This started as an idle comment on a WhatsApp group… A friend was suffering from “lockdown fever “ and needed to get out with his partner. I jokingly suggested an evening camping in their back garden. When we were finally released, he bumped into me whilst I was walking the Jack Russel at Delta Park and he expressed a desire to take his wife camping as a surprise outing – albeit in the back garden. And so, the plan was hatched…
Date night approached and the romantic getaway was planned. He was adamant that it had to be perfect, no going inside to fetch anything that may have been forgotten! His garden had an outside shower and loo, so we referred to that as the “ablution block”. Then we set about creating the perfect kit to make the evening happen. As always, location is key! Being unable to travel meant that he had to choose the perfect site in his garden and he focused on an area under a tree near the “ablutions”. As he did not have much kit, I loaned him the necessary, which we kept under cover in the load bed of his bakkie. The plan was to set up the campsite whilst his wife was at work and surprise her on arrival. Attention to detail was paramount. Being winter meant that they would only have to contend with the cold, as there was little chance of rain. The sleeping bags, tracksuits and beanies would more than cope with the highveld winter.
So, we looked at his requirements as if he would be packing his bakkie to go camping and categorised them into: camping kit, personal kit, clothing, food and other items. Due to the cool weather, we opted for a cooler box for the food and beverages, as a portable fridge was overkill. As a concession I lent him two flasks for boiling water for tea or coffee. During the afternoon he set up the tent, air mattresses, sleeping bags and blankets and laid out the tracksuits for bedtime. He cheated a bit as laundry and other extraneous items would end up on the rear verandah so as not to clutter the tent, and towels and toiletries would stay in the shower area. Chairs and a camping table were set up and wine was put in a bucket of ice. Even though this was in a back garden, we insisted on steel cups and enamel mugs for authenticity. No electricity was used, and lighting was via a variety of gas and rechargeable lanterns. For the “romantic” effect he bought some flickering solar fairy lights which he draped around a few shrubs. A second table was set up for the crockery and cutlery as well as the cooking utensils. Then the gas braai was set up and the show was almost on the road.
Whilst waiting for his wife, a simple Greek salad was prepared, and corn and baby potatoes (pre-cooked) were wrapped in foil ready for warming on the braai. So, dinner was a simple affair of salad, corn and potatoes with lamb kebabs. Desert would be a fruit salad with cheese, followed by coffee and a glass of dessert wine.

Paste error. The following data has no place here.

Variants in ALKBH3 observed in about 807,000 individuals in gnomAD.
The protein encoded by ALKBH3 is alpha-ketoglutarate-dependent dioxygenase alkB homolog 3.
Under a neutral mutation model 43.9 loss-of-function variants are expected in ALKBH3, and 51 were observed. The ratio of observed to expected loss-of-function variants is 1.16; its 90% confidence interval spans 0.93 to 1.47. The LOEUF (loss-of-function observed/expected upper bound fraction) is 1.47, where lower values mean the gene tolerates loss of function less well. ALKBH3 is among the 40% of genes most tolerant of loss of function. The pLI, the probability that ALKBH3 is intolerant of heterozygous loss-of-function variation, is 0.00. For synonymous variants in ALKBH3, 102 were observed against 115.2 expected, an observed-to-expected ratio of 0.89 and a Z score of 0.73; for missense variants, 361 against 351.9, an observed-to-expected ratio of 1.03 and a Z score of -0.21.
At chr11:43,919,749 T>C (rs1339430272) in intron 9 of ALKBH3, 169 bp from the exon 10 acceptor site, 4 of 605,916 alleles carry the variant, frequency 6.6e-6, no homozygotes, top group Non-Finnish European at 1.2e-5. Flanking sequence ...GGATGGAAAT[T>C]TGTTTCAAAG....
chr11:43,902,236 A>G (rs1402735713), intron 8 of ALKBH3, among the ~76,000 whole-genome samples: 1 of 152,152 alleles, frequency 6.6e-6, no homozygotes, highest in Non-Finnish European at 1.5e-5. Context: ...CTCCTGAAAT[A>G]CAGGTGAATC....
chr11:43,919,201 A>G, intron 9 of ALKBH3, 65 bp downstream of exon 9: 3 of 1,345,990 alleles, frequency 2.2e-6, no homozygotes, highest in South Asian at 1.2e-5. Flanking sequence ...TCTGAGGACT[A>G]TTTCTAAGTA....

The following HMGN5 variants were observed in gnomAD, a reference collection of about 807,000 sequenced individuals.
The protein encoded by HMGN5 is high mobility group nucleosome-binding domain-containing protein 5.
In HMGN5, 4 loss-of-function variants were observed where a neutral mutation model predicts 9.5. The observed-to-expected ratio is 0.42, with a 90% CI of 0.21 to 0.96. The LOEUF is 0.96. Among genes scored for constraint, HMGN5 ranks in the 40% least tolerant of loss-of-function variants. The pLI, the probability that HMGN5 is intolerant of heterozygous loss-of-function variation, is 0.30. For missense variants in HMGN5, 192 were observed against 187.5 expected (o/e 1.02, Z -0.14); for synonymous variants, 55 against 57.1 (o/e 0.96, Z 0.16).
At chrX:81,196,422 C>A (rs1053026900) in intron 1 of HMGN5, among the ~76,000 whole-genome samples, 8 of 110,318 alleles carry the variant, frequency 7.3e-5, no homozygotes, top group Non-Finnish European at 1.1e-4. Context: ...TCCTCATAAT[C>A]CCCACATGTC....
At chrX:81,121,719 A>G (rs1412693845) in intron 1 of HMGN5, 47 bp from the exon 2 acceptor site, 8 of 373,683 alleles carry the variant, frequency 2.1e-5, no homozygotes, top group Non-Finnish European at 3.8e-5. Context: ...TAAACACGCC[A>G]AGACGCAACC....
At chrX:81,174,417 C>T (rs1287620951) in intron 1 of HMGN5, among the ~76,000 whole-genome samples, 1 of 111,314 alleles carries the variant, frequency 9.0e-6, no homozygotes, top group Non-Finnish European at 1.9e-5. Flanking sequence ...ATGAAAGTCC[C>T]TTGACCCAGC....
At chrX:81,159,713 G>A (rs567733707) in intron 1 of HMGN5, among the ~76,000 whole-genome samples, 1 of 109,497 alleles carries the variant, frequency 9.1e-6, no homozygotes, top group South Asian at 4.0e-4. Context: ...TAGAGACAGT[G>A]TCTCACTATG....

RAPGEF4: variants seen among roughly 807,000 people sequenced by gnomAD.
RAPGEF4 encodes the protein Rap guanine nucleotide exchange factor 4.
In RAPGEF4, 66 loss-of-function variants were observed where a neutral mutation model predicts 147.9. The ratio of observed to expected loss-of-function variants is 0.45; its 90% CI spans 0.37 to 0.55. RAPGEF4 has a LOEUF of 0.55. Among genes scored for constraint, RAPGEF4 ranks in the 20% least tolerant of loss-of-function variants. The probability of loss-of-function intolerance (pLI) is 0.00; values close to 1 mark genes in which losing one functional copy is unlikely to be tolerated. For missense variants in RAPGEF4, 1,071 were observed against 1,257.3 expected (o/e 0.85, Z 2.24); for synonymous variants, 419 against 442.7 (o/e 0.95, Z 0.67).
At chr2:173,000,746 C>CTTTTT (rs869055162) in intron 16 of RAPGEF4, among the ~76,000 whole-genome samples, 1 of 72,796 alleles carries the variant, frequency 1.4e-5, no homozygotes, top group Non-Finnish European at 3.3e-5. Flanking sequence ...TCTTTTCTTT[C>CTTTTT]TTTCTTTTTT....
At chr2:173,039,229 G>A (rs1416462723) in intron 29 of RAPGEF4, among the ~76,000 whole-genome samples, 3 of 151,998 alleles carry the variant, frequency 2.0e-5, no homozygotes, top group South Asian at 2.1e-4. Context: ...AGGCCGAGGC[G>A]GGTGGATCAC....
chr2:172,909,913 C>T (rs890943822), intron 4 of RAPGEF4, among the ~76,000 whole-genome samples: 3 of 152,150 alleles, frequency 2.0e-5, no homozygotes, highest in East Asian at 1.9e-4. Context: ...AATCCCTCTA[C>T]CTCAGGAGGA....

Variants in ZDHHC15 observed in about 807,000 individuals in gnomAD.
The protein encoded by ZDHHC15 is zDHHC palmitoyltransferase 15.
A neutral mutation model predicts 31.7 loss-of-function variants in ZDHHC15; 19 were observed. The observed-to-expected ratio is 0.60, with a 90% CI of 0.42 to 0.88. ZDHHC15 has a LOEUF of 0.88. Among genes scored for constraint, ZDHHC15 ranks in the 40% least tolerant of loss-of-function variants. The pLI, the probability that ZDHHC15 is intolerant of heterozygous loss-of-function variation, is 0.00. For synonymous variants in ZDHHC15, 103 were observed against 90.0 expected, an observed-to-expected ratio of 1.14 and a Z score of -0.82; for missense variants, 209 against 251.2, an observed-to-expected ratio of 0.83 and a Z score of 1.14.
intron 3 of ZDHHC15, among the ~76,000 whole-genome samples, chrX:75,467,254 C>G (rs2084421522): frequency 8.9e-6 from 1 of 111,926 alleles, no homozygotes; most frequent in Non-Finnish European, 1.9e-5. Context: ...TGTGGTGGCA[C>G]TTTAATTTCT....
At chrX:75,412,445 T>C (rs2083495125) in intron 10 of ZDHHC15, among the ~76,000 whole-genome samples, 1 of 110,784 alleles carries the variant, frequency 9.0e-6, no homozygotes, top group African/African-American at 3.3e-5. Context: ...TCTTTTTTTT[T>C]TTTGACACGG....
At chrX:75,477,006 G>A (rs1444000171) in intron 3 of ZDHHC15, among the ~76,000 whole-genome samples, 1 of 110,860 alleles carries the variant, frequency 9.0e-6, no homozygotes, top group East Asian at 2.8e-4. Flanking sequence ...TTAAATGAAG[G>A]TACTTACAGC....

When his wife arrived, she was shocked and thrilled! The only concession around the house was to allow her to put her laptop and handbag inside. As he put it to me “we were like school kids on a first date, we laughed and had such fun, watched the stars and the moon and forgot all about the pandemic”. After a quick shower, they retired to bed and slept right through until the Hadedas arrived to signal breakfast, which was simple, juice, yoghurt and scrambled eggs with bacon bits followed by tea. The beauty of the whole exercise was the feeling of freedom and relaxation that it brought about.
I still have not got my kit back, as they would like to repeat the exercise now that intra-provincial travel is allowed. I suggested Laurentia Dam near Muldersdrift, as it is scenic and close to home. They have not yet confirmed a booking – and yes, the fairy lights will go with. This was an adventure and felt like nature to them. It also shows that with a bit of ingenuity anything is possible under the circumstances. So, if you want to emulate the experience either at home for a bit of fun or even a local campsite here is a shortlist of essentials:
- A tent that is easy to pitch and has space to stand upright.
- Sleeping bags that can withstand the winter weather – preferably the type that can zip together.
- A double blanket or quilt.
- A double air mattress.
- Pillows – and yes use normal ones if you are doing this at home.
- A gas braai or normal braai.
- A gas stove for breakfast or boiling water.
- A lighter and matches as well as firelighters if camping where you are going to make a fire ( in that case add in wood or charcoal and your grid).
- Pots, pans and a spatula.
- Breadboard and a bread knife.
- Cutlery and a bottle opener/corkscrew.
- Dinner plates, side plates and bowls.
- Mugs and glasses.
- A French press for coffee.
- Dish towels, scourer, plastic dishwashing bowl, washing liquid, serviettes and or paper towels.
- Condiments- salt, pepper, spices, olive oil, butter, tinfoil.
- Tea, coffee, milk, preferred drinks.
- Solar fairy lights and lighting for the campsite.
- Headlamps if you are camping away from home.
- Tables and chairs.
- Personal essentials (toiletries, medications, first aid kit ).
- Fire extinguisher.
- Toilet paper.
- Clothing – include foul weather gear if camping away from home.
- Bag for dirty laundry.
- Mallet/Axe combo for tent pegs and splitting wood.
- A good attitude – this is meant to be real fun.
Given the uncertainty of tourism, short breaks like this can be inexpensive and a great way to destress and reconnect with your partner and family, so get out there… you owe it to yourselves.